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A Spherical Fish bowl

  1. Jan 24, 2016 #1
    1. The problem statement, all variables and given/known data

    A small tropical fish is at the center of a water-filled, spherical fish bowl 28.0 cm in diameter.
    (a) Find the apparent position and magnification of the fish to an observer outside the bowl. The effect of the thin walls of the bowl may be ignored. (b) Afriend advised the owner of the bowl to keep it out of direct sunlight to avoid blinding the fish, which might swim into the focal point of the parallel rays from the sun. Is the focal point actually within the bowl?

    2. Relevant equations



    3. The attempt at a solution

    (sorry my poor english)

    Since it is a plane interface, the lateral magnification is 1. Using m = (-na s' / nb s) and assuming that the bowl is one half of a sphere, so the object distante is 14 cm, I found for s' 10.52 cm. Then I divided 14 cm / 10.52 cm to find 1.33 (the book answer). But I'm not sure about that answer.

    Second, I dont understand why the focal point isn't inside the bowl, if it's equal to 7 cm.
     
  2. jcsd
  3. Jan 24, 2016 #2
    Optics always makes more sense with a picture.
     
  4. Jan 24, 2016 #3

    Suraj M

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    Plane interface?
    May I ask how you got 10.52 cm
    Why do you say the focal length is 7cm?
     
  5. Jan 24, 2016 #4
    na (water) = 1.33
    nb (air) ≅ 1
    s = 14 cm (if the fish is at the bottom of the bowl and if it's one half of a sphere of radius 14 cm)
    So s' = 10.52 cm.

    The focal length is equal to R / 2 = D / 4 = 28 cm / 4 = 7 cm.
     
  6. Jan 24, 2016 #5

    Suraj M

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    How did you arrive at this? Which formula is this?
     
  7. Jan 24, 2016 #6
    lol
    Focal lenght is equal to radius / 2. It is what the theory says.
     
  8. Jan 24, 2016 #7

    Suraj M

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    I think you should listen to Courtney and first draw a diagram.
    Firstly do you still think it's a plane interface?
     
  9. Jan 24, 2016 #8
    It would be like this?

    30bflfa.jpg

    but yet, I dont understand why the focal point is o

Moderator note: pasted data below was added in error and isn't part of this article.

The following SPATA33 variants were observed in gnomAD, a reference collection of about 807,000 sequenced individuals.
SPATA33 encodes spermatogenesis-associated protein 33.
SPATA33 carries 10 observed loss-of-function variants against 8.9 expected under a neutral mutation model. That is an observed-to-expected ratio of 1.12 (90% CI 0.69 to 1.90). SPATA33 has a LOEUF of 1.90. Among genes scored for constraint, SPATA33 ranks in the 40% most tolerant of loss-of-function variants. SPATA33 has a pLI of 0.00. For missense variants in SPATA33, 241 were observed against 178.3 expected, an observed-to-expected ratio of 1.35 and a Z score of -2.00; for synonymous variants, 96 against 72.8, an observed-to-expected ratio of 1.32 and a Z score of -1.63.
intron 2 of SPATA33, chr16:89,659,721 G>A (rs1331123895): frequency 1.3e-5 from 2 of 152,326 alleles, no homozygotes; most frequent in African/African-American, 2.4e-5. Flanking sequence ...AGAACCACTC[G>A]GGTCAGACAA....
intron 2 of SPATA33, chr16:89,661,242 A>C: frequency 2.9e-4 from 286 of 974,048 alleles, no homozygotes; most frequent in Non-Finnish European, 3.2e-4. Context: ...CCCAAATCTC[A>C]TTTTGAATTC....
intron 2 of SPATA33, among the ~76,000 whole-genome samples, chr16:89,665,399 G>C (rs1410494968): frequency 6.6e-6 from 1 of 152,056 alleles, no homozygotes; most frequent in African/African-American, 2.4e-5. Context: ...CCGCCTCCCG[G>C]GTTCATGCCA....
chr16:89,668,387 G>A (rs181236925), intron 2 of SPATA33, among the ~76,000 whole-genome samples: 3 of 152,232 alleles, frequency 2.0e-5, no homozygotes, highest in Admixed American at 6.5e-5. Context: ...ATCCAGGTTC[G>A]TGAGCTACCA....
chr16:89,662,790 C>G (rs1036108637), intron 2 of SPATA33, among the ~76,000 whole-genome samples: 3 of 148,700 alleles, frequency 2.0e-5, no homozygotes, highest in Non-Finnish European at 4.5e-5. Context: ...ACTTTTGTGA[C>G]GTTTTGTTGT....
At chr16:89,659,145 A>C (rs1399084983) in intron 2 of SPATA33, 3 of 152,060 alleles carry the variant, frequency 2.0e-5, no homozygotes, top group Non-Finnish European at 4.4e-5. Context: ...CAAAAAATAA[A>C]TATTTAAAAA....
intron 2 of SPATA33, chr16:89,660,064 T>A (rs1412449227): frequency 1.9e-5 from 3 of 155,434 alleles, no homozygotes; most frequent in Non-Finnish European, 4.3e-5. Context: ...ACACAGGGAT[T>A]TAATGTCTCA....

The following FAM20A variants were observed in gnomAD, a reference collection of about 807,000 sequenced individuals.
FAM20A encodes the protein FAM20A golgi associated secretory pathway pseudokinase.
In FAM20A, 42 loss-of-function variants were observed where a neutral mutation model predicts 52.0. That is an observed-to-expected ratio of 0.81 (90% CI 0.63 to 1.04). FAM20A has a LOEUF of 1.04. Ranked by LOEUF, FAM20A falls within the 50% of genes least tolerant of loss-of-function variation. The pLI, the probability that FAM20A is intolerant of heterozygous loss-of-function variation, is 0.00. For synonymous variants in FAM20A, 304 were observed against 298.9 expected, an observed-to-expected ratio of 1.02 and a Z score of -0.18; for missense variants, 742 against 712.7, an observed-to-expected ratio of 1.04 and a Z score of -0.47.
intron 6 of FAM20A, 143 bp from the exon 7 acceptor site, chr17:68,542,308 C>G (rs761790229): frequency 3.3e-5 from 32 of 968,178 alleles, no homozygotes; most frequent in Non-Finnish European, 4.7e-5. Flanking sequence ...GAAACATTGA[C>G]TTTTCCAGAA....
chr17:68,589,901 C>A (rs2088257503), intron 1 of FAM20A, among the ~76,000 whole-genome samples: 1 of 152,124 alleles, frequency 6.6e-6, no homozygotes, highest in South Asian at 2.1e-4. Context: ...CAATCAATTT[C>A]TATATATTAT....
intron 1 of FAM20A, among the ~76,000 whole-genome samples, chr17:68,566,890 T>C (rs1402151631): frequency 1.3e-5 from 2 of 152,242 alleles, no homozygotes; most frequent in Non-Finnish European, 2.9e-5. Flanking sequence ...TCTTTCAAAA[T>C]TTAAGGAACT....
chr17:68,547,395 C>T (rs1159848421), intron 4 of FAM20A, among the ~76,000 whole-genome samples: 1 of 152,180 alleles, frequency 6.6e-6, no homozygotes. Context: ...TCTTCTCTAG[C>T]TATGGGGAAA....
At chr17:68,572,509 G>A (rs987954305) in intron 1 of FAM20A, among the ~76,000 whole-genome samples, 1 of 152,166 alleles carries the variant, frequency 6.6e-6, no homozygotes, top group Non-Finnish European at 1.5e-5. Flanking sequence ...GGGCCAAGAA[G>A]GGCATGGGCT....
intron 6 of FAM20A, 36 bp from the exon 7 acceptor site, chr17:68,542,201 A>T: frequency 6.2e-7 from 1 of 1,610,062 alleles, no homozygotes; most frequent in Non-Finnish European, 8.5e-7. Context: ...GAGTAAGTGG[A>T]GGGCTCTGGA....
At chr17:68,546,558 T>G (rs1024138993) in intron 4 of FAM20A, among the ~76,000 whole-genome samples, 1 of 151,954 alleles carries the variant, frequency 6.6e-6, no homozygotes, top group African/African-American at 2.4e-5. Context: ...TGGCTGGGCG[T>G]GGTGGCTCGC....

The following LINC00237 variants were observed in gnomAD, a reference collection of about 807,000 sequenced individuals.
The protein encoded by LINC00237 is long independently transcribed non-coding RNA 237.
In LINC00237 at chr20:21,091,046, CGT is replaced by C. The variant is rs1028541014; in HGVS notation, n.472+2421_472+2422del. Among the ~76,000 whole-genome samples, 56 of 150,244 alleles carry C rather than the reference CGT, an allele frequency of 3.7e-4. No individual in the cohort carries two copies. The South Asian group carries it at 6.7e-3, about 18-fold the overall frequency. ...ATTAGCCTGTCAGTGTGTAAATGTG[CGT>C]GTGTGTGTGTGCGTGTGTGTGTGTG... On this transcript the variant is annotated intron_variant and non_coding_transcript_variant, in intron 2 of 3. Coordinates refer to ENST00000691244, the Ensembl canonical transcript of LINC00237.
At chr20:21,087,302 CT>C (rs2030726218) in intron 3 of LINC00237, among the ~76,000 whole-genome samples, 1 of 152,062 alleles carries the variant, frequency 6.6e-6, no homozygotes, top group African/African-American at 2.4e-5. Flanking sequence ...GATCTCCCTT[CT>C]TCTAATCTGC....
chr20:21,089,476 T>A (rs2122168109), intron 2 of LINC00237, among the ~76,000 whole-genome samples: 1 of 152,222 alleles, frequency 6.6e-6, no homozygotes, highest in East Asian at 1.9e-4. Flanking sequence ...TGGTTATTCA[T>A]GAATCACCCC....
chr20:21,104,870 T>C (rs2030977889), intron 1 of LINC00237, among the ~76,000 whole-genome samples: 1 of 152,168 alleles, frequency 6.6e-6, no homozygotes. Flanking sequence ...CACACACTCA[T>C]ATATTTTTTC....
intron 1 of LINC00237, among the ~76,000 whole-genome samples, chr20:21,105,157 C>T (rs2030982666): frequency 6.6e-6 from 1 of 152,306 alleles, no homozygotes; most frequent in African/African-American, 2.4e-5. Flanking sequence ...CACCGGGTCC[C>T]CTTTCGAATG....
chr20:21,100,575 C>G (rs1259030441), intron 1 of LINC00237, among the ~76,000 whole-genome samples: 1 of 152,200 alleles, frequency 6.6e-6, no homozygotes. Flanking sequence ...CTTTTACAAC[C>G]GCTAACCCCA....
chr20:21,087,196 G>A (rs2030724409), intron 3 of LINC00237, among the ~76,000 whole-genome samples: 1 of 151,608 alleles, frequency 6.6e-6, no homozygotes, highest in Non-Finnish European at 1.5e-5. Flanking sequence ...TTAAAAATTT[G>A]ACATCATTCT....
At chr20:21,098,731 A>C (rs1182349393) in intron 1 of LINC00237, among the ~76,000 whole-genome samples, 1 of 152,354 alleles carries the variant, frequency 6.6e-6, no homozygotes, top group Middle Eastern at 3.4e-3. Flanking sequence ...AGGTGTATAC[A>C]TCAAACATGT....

10. Jan 24, 2016 #9

    Suraj M

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    I am not convinced with the equation you've written at the bottom of that page
     
  11. Jan 24, 2016 #10
    It was an attempt to show that the focal point is at 7 cm. It doesnt make sense to say that the focal lenght is different of that value.
     
  12. Jan 24, 2016 #11

    haruspex

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    That's for a mirror, so you can stop laughing, out loud or silently. How can the focal length of a lens not depend on the refractive index?
     
  13. Jan 24, 2016 #12

    Suraj M

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    Kent, your formula of focal length being half of radius of curvature is valid for spherical reflecting surfaces,
    This is refraction. Do you still feel that 7 is the focal length?
     
  14. Jan 24, 2016 #13

    haruspex

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    That diagram makes no sense. You show P as at the centre of the sphere. An observer will always see the centre of the sphere as being on a straight line with the centre, not at some point P' off to the side.
     
  15. Jan 24, 2016 #14
    Oh thanks. I think because Engl is not my first language, I didn't know what is the actual shape of a bowl. I draw a new sketch where P and P' are in the same place and the focal point is outside the bowl.

    szk85z.jpg
     
  16. Jan 24, 2016 #15

    haruspex

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    You've drawn it as though P lies on the diameter that aligns with the observer, and the focal point is not on that. Is that what you intended?
     
  17. Jan 24, 2016 #16
    Yes. Is there any problem with this?
     
  18. Jan 24, 2016 #17

    haruspex

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    Reread what I wrote in post #13. If you take a straight line from the observer through the centre of the sphere then the focal point for that observer must lie on that line. All points actually on the line will be seen as being on that line. Magnification consists of points off that line being seen as further from the line than they are.
     
  19. Jan 25, 2016 #18
    I thought focal point does not depend of the observer. So what really is this focal point? It's not just the local where the Sun's rays converge to?
     
  20. Jan 25, 2016 #19

    haruspex

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    A standard lens has its own axis. The focal point is taken as being on that axis because we base it on rays arriving parallel to that axis.
    A sphere has no such natural axis. The focal point will depend on the direction your parallel rays come from.
    In your diagram in post #14, point P appears to be the centre of the sphere, so the axis must pass through this point. You show rays from the sun arriving horizontally, so the focal point they converge to must be on the horizontal line through P.
    Draw a horizontal line arriving above the axis. At entry to the sphere it will be refracted downwards, intersecting the axis at the focal point.
     
  21. Dec 1, 2016 #20
    Does anybody know how to find the focal point? I am not sure how to solve this problem
     
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